The Romancipation of Maggie Hunter

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The Romancipation of Maggie Hunter

The concept of romancipation, as noted in the forward of Jane Sigaloff's new chick lit "The Romancipation of Maggie Hunter," is defined as "The freedom for women to love whom they choose while retaining their own space and identity." That term fits Maggie's life perfectly. Commitment-shy after her last fianc‚e cheated on her and then died, Maggie has crafted a contented life for herself. With her rich boyfriend Max, her best friend Eloise, and Eloise's musician boyfriend Jake, Maggie has a colorful group of friends so companionable that the four even charter a yacht in the Caribbean together. But it all goes to hell when Max decides he's ready to settle down, and he pops the question.

As a chick lit, this book is more about intertwined relationships than deep emotions. It delves deeply into the relationships of these four people, tangling and untangling, and then wraps up the whole mess tidily with breezy dialogue and a fun British setting.

The author has a cheeky writing style, using a lot of lists, pop culture references and time jumps. She used the word "nascent" enough to be noticeable, but that may well be a term more commonly used in England than America. "The Romancipation of Maggie Hunter" is light hearted and fun, and a surprisingly quick read considering how weighty a tome it is.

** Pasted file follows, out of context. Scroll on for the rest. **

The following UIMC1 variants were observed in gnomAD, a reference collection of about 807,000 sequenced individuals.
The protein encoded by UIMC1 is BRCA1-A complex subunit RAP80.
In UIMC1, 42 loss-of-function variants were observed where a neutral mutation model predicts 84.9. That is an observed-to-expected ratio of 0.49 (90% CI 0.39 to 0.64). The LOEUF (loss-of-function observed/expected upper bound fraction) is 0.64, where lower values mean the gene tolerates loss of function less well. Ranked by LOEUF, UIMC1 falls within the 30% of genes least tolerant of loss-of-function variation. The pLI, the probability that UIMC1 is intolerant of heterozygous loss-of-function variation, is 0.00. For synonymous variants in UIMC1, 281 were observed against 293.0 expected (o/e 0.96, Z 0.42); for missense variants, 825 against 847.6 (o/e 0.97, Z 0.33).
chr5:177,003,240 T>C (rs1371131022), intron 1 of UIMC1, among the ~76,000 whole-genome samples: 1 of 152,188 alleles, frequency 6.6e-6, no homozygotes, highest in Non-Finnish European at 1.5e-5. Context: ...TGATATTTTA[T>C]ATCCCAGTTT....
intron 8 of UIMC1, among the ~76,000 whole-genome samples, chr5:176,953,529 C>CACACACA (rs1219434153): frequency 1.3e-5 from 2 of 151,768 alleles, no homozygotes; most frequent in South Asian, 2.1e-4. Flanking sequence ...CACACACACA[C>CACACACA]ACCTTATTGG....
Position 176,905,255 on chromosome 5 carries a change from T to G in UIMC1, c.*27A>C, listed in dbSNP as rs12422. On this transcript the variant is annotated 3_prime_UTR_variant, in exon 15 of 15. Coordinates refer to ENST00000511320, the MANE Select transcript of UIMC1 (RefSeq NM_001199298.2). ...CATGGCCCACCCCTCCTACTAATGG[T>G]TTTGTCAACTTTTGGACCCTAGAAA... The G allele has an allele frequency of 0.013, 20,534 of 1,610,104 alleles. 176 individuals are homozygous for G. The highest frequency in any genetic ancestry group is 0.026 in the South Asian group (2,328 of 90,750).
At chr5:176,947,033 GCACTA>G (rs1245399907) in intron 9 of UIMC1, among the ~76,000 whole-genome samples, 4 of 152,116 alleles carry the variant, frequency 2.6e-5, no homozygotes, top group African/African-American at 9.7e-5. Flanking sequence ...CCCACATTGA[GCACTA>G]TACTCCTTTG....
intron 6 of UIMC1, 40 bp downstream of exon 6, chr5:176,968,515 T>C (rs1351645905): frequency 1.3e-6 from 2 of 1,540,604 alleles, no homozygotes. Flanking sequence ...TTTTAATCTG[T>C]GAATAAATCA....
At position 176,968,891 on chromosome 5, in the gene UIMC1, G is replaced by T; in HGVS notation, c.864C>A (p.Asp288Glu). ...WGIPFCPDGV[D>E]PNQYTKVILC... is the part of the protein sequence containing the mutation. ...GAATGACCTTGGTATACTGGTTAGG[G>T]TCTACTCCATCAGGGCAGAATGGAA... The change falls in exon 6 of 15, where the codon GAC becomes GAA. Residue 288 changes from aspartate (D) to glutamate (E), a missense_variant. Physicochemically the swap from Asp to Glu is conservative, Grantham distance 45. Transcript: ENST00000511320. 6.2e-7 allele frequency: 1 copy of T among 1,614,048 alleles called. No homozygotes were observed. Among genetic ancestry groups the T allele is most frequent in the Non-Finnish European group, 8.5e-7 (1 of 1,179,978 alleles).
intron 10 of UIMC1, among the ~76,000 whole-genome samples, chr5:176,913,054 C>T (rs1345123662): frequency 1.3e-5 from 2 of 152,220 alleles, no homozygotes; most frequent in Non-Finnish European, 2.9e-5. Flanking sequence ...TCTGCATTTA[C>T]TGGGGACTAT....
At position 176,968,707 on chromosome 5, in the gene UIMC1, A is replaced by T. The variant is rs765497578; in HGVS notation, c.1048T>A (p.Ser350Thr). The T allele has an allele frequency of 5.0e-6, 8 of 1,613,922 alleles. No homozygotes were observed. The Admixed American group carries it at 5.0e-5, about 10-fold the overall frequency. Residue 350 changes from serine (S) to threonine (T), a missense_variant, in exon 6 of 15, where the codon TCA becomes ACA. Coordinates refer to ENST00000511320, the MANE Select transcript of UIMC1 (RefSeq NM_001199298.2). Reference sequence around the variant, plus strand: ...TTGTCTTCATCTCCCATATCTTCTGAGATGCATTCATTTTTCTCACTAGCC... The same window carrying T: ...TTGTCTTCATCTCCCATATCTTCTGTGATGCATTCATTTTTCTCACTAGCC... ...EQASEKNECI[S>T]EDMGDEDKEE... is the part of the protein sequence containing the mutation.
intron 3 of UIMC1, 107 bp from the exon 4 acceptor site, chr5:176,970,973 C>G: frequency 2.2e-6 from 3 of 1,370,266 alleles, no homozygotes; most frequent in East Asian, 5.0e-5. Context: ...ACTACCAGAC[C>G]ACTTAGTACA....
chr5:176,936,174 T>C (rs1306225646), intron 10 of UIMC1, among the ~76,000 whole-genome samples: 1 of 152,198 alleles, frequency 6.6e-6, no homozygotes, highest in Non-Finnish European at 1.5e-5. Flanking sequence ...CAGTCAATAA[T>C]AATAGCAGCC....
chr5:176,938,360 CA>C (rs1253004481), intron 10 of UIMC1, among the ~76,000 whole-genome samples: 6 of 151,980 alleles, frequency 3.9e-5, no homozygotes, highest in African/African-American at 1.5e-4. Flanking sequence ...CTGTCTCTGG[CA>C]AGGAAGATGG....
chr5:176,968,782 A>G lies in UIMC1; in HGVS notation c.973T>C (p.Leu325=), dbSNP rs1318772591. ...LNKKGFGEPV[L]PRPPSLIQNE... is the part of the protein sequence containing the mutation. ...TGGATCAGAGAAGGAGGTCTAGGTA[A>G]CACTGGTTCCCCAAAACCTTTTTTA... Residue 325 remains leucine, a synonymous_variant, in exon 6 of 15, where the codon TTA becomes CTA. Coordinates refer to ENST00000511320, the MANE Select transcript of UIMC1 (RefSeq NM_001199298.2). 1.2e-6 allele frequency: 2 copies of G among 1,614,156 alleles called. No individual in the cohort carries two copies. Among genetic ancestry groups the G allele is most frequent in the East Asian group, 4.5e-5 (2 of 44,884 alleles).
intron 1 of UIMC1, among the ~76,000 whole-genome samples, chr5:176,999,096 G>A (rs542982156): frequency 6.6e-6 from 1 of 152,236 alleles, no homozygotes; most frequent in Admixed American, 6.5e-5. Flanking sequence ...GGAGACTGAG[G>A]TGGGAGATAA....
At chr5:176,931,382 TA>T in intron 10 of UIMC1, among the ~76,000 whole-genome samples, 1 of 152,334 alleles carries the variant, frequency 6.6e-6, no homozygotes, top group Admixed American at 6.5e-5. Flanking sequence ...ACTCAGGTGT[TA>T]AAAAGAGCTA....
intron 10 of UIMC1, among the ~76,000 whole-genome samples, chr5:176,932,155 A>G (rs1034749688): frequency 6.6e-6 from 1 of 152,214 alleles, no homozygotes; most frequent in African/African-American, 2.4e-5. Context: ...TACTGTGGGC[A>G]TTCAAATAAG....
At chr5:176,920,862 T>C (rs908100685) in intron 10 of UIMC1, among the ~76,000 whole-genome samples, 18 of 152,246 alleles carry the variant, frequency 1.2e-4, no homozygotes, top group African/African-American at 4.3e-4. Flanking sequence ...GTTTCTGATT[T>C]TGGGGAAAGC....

Book Blurb for The Romancipation of Maggie Hunter

Isn't commitment what every girl dreams of?

Maggie Hunter is living the life she's always wanted.

Her career is taking off and, thanks to Japanese straightening technology, her hair is lying down. The commitment-phobic Maggie even has a serious boyfriend, Max. Smart, caring and funny, Max is practically perfect. There's just one problem: he's adamant that it's time for Maggie to move in.

Maggie's not sure she's ready to go from "me" to "we," or if she can cope with putting all her eggs in one basket (or all her shoes in one closet)! If only she could be more like Eloise, her best friend who's dying to start nesting. Except Eloise is with Jake, who has an apparent allergy to forward planning. He'll barely commit to an entire weekend at her place, let alone a joint lease.

So . . . Maggie wants a man like Jake, and Eloise wants a man like Max. At least that's how it seems to Maggie. She knows that somehow someone will have to make a switch, but as she examines the relationships around her, she can't help but wonder, can you really make someone change?

Jane Sigaloff lives and writes in London and has recently been romancipated.

Night Owl Reviews Jul, 2007 3.50